About Educational Leadership
For a number of decades, the School of Education at Andrews University has been providing participants with graduate education and degrees in the field of educational leadership. With a focused mission to prepare K-12 educational administrators for effective servant leadership in educational settings, ten broadly accepted educational leadership standards are used to guide the programs and to assess participant competencies. Field-based internships with mentoring and a required portfolio help transfer theory and philosophy to application and practice. The programs are delivered at five increasingly more challenging levels. With this introductory view of our path, let us take a more detailed look at some specific program components as we become acquainted.
Ten Administrative Standards
The Educational Leadership emphasis is presented using ten administrative standards. Seven of these standards (1-7) are the standards used by the Educational Leadership Constituent Council (ELCC). Standard 8 on technology comes from Michigan Department of Education requirements. In addition to these eight standards, two additional standards have been added in consultation with educational leaders in the North American Division of Seventh-day Adventists.
The standards state that a school administrator is an educational leader who promotes the success of all students by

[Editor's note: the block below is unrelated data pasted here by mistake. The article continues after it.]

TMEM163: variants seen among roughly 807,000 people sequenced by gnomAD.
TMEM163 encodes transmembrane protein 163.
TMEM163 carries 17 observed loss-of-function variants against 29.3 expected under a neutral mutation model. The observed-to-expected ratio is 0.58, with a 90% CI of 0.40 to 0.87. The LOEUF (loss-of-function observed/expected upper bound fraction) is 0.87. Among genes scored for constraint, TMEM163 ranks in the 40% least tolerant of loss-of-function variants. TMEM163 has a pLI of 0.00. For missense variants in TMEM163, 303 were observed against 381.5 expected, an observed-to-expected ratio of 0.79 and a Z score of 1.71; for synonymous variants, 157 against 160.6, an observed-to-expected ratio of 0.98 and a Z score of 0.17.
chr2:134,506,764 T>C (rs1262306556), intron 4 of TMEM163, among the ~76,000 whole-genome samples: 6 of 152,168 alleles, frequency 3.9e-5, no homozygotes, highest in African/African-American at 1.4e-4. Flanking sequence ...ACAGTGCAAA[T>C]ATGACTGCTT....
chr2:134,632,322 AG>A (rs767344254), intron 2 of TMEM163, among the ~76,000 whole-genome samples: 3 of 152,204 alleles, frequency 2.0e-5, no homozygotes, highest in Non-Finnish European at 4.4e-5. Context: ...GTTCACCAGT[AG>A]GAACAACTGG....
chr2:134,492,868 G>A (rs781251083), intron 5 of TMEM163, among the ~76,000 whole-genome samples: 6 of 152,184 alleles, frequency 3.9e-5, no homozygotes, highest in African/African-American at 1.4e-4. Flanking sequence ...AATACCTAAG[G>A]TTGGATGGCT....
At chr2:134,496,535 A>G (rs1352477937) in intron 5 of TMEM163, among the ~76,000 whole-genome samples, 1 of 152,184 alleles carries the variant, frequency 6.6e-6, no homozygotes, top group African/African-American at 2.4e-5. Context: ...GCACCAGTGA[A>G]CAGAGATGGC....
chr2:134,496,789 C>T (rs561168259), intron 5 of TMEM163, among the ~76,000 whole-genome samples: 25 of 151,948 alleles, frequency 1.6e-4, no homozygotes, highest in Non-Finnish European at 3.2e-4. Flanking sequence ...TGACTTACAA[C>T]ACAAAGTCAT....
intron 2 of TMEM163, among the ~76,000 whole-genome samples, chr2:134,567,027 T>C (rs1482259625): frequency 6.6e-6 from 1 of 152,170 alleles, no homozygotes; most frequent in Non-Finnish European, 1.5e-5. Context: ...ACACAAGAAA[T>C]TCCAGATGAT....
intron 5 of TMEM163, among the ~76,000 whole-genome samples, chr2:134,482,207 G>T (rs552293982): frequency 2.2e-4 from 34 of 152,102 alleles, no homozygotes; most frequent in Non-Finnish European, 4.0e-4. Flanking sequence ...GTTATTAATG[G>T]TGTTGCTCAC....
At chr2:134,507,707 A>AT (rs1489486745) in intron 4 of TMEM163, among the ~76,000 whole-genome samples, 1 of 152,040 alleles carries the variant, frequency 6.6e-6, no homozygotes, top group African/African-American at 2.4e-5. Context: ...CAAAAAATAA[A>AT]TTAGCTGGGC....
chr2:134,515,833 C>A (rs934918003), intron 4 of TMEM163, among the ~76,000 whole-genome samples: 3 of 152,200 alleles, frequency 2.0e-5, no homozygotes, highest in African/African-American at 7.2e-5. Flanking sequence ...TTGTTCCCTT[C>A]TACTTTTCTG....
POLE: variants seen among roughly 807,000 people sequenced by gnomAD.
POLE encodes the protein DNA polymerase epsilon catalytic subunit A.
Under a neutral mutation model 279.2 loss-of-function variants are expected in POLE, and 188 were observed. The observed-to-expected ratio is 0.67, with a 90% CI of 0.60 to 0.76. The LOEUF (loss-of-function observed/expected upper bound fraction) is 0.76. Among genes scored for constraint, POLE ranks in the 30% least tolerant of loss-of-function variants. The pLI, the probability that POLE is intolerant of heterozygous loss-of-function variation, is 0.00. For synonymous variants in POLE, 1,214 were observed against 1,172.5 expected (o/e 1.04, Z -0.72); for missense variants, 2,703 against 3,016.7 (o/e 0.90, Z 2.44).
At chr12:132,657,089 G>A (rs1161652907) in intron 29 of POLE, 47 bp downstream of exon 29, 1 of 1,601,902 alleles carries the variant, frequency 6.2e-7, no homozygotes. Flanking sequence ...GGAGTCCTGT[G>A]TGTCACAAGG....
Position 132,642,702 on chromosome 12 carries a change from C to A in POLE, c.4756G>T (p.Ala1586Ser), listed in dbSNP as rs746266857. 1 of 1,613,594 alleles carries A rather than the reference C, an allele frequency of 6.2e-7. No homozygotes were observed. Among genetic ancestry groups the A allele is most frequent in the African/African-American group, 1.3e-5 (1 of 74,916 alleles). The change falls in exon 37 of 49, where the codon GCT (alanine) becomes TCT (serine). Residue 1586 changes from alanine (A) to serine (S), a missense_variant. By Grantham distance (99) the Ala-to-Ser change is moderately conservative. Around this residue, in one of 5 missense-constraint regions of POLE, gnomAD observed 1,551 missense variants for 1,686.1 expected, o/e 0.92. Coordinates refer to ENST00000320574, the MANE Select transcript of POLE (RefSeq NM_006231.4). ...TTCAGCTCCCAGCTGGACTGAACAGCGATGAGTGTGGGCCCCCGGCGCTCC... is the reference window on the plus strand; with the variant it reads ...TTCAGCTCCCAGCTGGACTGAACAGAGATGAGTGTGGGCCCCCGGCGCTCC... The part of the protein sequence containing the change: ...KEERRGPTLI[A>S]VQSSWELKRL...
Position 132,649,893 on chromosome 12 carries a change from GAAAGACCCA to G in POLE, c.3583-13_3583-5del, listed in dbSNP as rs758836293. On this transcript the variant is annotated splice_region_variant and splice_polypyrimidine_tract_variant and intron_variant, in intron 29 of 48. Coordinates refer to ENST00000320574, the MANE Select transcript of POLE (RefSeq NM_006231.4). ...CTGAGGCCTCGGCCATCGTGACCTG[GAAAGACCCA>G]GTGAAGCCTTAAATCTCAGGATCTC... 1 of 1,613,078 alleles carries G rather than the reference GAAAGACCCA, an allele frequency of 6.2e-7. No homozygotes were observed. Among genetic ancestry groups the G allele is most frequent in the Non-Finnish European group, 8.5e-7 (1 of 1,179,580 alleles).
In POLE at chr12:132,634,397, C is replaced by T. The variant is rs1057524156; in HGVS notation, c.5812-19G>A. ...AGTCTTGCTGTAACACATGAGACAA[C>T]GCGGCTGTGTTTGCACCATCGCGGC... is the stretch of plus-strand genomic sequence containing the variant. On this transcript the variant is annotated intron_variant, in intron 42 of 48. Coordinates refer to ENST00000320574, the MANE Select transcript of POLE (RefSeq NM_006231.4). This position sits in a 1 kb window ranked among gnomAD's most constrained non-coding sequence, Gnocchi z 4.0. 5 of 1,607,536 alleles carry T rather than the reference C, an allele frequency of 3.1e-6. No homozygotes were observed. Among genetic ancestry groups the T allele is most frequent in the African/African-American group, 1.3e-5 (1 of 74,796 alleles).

- Facilitating the development, articulation, implementation, and stewardship of a vision of learning that is shared and supported by the school community;
- Advocating, nurturing, and sustaining a school culture and instructional program conducive to student learning and staff professional growth;
- Ensuring management of the organization, operations, and resources for a safe, efficient, and effective learning environment;
- Collaborating with families and responding to diverse community interests and needs, and mobilizing community resources;
- Acting with integrity, fairness, and in an ethical manner;
- Understanding, responding to, and influencing the larger political, social, economic, legal, and cultural context;
- A substantial and sustained educational leadership internship experience;
Additional Michigan Department of Education Standards
- Understanding and comprehensively applying technology to advance student achievement;
- Appreciating the perspectives of others and developing a personal philosophy from which action and service arise; and
- Understanding and comprehensively applying research and evaluation for effective decision making.
The ELCC has also added the requirement of an internship for use in program accreditation under the National Council of Accreditation in Teacher Education (NCATE). In keeping with this ELCC requirement, all degree programs require an internship/mentoring component that provides significant learning opportunities to synthesize and apply the knowledge and practice and develop the skills identified in the standards. The internship takes the form of substantial, sustained, standards-based work in a real settings, planned and guided cooperatively by the institution and school/district personnel for graduate credit.
All degree programs require the completion of a portfolio that documents the participant’s work in connection with the nine standards.
For the master’s portfolio the participant must show emerging competence in each of the standards. For the EdS the participant must show emerging competence in each of the standards and established competence in five selected standards. For the EdD and PhD the participant must show established competence in all nine standards.